LE: How did you use your team’s professional learning plans to get to that place?

MM: We began the school year with professional development where staff members challenged their biases and opened themselves up to be honest and vulnerable with each other.  This continued in the work of our cycles of professional learning (CPLs) when we narrowed in on creating lessons and units that were rigorous with the proper scaffolding so all of our students could access high standards.  Beyond our regular content learning as adults, we have also had teams practice challenging conversations with their colleagues in order to push the envelope for our school culture.  All of these experiences have helped increase collaboration to a deeper and more meaningful level.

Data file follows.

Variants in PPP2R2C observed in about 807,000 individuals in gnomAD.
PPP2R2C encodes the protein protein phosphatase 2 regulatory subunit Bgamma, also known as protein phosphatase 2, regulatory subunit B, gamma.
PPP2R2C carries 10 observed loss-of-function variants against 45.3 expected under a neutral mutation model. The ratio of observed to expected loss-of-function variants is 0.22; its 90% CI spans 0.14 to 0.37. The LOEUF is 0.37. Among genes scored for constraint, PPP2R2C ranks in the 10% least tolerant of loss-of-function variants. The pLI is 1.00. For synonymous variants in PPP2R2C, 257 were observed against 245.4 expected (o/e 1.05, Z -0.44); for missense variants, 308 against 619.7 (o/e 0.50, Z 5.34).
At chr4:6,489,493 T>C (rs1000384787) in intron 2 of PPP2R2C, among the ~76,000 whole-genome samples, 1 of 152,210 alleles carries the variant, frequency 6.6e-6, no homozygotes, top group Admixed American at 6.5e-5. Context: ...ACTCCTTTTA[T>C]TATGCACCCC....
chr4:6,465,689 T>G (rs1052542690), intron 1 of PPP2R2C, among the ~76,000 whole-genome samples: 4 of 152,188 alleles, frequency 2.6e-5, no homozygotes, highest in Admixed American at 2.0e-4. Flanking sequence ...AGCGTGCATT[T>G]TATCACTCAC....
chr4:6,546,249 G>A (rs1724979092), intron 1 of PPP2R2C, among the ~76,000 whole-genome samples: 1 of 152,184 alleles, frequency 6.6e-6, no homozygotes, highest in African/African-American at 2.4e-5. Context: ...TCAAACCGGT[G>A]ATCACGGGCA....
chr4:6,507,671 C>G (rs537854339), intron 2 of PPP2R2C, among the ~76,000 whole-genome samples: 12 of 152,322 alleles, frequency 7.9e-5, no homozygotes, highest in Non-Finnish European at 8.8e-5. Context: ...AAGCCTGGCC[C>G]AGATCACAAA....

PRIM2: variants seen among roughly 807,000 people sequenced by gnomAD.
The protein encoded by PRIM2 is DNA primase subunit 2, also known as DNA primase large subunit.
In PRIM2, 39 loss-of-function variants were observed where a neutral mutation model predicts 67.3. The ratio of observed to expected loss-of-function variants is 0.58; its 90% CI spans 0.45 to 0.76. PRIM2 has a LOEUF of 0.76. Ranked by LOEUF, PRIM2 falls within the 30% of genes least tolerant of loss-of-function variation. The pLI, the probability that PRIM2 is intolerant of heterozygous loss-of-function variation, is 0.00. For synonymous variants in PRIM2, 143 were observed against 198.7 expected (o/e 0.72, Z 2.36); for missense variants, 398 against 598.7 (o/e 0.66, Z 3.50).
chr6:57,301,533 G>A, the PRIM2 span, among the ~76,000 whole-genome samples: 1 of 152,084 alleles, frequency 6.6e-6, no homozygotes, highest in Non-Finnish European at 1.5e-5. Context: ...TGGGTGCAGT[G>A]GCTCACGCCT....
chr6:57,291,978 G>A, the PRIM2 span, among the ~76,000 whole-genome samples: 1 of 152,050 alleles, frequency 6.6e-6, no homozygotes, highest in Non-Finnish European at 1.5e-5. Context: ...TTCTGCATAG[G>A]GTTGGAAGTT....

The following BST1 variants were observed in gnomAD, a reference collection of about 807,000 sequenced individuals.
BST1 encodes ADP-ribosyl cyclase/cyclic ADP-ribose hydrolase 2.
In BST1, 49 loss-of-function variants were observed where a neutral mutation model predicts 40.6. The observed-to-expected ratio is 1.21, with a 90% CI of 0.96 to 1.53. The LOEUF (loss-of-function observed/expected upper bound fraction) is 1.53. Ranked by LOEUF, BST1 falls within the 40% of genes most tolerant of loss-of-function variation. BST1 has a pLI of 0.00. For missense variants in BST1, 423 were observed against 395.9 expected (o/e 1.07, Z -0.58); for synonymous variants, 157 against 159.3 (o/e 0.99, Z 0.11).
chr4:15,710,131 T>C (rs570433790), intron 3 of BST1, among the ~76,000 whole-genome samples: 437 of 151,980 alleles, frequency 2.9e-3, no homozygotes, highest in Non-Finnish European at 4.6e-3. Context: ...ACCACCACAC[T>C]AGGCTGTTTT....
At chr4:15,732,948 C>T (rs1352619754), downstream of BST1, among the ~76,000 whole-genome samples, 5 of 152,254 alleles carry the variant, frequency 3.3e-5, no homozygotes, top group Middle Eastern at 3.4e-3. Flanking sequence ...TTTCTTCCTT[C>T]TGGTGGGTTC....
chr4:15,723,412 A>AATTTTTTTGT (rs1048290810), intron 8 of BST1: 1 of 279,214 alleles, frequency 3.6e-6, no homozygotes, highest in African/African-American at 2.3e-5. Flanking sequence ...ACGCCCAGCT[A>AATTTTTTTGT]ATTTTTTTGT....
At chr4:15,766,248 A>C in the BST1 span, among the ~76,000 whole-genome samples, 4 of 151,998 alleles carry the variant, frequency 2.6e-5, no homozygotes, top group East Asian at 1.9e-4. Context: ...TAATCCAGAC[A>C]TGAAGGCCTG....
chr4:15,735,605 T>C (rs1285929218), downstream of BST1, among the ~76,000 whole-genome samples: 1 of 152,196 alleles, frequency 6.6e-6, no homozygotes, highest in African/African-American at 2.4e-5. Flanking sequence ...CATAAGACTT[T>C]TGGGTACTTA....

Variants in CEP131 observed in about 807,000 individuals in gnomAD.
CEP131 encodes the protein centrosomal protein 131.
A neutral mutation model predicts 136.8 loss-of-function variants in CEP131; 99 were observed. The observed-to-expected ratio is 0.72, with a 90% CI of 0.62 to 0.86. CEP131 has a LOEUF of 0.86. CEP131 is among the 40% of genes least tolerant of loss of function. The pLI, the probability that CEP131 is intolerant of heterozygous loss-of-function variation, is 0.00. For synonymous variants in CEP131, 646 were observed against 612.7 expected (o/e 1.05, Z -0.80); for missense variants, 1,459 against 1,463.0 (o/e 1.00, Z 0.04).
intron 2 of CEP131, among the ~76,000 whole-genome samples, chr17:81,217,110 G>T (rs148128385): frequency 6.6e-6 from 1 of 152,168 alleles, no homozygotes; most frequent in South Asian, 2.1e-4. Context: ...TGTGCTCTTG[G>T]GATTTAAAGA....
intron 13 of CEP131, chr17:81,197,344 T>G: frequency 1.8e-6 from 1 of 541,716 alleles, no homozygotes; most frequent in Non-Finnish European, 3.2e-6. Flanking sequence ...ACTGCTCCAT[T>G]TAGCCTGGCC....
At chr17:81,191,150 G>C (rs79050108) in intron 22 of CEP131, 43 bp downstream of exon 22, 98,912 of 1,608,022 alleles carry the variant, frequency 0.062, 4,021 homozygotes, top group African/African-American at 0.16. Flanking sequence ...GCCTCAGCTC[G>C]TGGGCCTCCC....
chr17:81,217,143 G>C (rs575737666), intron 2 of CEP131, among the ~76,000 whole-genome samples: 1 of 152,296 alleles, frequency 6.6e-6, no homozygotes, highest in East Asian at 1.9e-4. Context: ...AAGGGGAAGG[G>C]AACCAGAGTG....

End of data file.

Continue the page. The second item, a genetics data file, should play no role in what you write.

LE: What was challenging about implementing this work?  What surprised you or others on your team?

MM: Time.  With our district having several other priorities on the table, our team had to get creative in meshing them together.  We did not want this to come off as ‘one more thing’ to do, so our team had to carve out additional time to design the CPLs as part of our districts goals.  I wouldn’t say this surprised me because of the dedication and willingness of our team, but I’m always amazed by the commitment that educators have to making changes that help their students get the most out of school.  Our team made a commitment to come to work 60 minutes early two days a week to continue our instructional work, and they also gave up their prep period  once a week to review their session facilitation.  Our team even created a website where staff participating in the CPL could have easy access to presentations and materials.  They are the hardest working bunch I know!